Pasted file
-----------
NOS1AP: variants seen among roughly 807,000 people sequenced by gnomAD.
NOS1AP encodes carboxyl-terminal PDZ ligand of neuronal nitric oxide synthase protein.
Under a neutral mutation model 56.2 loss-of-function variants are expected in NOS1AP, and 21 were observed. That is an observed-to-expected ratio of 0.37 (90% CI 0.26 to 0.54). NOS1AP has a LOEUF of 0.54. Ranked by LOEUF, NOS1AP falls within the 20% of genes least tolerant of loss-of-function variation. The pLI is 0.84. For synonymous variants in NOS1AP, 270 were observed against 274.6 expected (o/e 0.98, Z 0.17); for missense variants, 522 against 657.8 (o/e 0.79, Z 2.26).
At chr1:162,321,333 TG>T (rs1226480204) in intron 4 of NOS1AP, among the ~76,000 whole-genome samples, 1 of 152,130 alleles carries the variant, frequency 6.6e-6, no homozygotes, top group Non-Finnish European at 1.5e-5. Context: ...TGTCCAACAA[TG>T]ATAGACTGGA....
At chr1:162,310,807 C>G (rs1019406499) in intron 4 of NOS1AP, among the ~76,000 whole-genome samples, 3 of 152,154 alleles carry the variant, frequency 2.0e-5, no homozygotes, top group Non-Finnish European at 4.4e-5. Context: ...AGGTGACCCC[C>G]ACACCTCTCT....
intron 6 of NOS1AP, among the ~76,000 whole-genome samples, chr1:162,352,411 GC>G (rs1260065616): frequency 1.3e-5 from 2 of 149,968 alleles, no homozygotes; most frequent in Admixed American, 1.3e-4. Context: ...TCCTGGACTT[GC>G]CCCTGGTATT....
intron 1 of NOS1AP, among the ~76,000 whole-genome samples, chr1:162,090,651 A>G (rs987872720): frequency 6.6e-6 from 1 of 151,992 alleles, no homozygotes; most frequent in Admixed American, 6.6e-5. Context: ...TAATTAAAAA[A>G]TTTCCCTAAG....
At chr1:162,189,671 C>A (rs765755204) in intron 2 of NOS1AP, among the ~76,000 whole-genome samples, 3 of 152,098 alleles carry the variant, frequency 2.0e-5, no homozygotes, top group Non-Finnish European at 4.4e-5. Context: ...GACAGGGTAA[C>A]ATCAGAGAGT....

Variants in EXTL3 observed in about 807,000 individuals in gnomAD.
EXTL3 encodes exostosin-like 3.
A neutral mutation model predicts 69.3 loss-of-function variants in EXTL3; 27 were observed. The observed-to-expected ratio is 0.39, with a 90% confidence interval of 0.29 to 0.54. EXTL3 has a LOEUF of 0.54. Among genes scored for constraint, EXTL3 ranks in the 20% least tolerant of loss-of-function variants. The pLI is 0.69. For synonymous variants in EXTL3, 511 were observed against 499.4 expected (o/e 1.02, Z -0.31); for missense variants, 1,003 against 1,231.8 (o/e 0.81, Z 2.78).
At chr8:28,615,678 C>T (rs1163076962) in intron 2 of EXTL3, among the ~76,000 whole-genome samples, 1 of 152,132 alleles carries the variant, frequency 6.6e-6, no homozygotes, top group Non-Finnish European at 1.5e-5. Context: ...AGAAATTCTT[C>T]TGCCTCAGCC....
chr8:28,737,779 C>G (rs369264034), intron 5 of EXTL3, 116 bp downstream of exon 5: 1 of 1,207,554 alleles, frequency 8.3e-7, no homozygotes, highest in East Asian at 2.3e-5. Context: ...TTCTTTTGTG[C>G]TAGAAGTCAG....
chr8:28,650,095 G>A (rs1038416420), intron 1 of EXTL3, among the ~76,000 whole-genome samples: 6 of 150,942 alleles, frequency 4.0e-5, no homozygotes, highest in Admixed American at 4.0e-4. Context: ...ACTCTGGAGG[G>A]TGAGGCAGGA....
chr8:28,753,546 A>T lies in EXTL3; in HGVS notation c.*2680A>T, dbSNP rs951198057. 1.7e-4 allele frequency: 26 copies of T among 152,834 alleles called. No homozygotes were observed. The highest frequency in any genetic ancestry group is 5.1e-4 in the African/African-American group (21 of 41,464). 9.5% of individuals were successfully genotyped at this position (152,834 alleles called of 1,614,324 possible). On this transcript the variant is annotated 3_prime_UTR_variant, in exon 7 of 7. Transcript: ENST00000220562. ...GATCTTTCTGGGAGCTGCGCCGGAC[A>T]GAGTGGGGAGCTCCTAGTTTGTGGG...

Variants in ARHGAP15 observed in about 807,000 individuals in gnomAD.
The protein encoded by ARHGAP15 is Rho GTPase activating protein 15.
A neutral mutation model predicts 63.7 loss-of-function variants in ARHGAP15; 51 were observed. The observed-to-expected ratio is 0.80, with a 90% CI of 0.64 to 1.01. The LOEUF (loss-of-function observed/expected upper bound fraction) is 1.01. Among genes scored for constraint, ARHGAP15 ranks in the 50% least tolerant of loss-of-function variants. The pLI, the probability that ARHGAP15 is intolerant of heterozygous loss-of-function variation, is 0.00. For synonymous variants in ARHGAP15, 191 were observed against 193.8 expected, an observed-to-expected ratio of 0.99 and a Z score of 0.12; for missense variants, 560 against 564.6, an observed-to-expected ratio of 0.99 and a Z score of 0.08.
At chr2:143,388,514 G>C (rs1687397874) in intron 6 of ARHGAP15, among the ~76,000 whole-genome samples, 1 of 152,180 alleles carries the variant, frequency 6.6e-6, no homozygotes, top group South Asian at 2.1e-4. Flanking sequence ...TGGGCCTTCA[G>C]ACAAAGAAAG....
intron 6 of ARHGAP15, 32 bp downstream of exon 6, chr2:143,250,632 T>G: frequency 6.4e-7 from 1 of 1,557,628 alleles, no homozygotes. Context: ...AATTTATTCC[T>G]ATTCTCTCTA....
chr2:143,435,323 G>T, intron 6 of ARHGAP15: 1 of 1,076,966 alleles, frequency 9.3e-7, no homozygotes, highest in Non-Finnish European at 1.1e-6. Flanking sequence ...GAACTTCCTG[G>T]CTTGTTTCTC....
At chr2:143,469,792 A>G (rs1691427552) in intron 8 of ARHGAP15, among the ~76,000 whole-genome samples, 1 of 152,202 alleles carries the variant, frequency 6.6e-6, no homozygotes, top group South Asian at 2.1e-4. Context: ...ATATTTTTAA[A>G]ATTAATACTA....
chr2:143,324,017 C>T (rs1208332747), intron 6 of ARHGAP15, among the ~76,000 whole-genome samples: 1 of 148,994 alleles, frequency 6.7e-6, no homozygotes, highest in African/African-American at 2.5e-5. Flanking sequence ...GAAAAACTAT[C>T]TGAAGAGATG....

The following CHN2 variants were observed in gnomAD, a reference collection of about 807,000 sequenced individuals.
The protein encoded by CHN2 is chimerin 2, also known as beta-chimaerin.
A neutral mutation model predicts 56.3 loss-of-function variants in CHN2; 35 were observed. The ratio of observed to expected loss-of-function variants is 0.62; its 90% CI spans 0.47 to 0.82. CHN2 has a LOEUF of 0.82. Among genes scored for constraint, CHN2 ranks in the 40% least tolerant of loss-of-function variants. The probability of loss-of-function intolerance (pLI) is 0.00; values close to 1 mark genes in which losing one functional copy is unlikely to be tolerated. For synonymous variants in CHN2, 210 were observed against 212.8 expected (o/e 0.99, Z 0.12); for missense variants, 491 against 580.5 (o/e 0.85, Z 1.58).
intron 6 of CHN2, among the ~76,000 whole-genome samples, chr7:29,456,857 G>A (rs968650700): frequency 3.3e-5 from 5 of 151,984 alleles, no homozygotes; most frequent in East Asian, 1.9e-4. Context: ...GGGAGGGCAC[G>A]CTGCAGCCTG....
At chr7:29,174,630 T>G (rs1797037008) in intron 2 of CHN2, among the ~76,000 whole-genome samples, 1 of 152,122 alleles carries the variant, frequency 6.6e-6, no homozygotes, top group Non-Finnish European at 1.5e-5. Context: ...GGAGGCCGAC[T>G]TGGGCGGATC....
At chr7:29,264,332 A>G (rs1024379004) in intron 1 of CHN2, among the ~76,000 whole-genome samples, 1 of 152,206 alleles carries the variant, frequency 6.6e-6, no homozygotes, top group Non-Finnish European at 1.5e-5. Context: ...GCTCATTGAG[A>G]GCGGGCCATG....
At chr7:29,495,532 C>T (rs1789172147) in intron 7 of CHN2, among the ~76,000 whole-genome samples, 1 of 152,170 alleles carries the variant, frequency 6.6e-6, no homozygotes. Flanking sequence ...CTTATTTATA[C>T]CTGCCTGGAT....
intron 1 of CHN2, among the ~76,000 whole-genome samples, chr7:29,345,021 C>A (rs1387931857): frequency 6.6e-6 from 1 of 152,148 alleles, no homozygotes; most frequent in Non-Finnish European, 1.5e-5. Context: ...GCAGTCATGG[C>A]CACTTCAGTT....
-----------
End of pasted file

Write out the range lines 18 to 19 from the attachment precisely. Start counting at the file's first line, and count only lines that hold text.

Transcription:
A neutral mutation model predicts 63.7 loss-of-function variants in ARHGAP15; 51 were observed. The observed-to-expected ratio is 0.80, with a 90% CI of 0.64 to 1.01. The LOEUF (loss-of-function observed/expected upper bound fraction) is 1.01. Among genes scored for constraint, ARHGAP15 ranks in the 50% least tolerant of loss-of-function variants. The pLI, the probability that ARHGAP15 is intolerant of heterozygous loss-of-function variation, is 0.00. For synonymous variants in ARHGAP15, 191 were observed against 193.8 expected, an observed-to-expected ratio of 0.99 and a Z score of 0.12; for missense variants, 560 against 564.6, an observed-to-expected ratio of 0.99 and a Z score of 0.08.
At chr2:143,388,514 G>C (rs1687397874) in intron 6 of ARHGAP15, among the ~76,000 whole-genome samples, 1 of 152,180 alleles carries the variant, frequency 6.6e-6, no homozygotes, top group South Asian at 2.1e-4. Flanking sequence ...TGGGCCTTCA[G>C]ACAAAGAAAG....